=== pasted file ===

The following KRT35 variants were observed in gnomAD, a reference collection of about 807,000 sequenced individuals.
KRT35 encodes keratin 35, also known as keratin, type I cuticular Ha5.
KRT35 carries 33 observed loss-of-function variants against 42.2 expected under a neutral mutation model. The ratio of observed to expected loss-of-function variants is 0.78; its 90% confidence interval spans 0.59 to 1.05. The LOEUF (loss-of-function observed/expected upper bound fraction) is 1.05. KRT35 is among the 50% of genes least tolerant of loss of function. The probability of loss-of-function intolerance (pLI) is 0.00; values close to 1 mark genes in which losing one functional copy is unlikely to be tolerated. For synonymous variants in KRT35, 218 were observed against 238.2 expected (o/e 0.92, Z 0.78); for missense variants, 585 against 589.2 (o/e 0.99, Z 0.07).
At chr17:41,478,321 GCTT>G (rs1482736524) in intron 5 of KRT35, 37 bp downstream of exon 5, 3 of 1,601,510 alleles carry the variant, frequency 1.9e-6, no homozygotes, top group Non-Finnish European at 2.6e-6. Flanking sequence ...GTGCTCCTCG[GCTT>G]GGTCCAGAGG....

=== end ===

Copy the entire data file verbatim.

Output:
The following KRT35 variants were observed in gnomAD, a reference collection of about 807,000 sequenced individuals.
KRT35 encodes keratin 35, also known as keratin, type I cuticular Ha5.
KRT35 carries 33 observed loss-of-function variants against 42.2 expected under a neutral mutation model. The ratio of observed to expected loss-of-function variants is 0.78; its 90% confidence interval spans 0.59 to 1.05. The LOEUF (loss-of-function observed/expected upper bound fraction) is 1.05. KRT35 is among the 50% of genes least tolerant of loss of function. The probability of loss-of-function intolerance (pLI) is 0.00; values close to 1 mark genes in which losing one functional copy is unlikely to be tolerated. For synonymous variants in KRT35, 218 were observed against 238.2 expected (o/e 0.92, Z 0.78); for missense variants, 585 against 589.2 (o/e 0.99, Z 0.07).
At chr17:41,478,321 GCTT>G (rs1482736524) in intron 5 of KRT35, 37 bp downstream of exon 5, 3 of 1,601,510 alleles carry the variant, frequency 1.9e-6, no homozygotes, top group Non-Finnish European at 2.6e-6. Flanking sequence ...GTGCTCCTCG[GCTT>G]GGTCCAGAGG....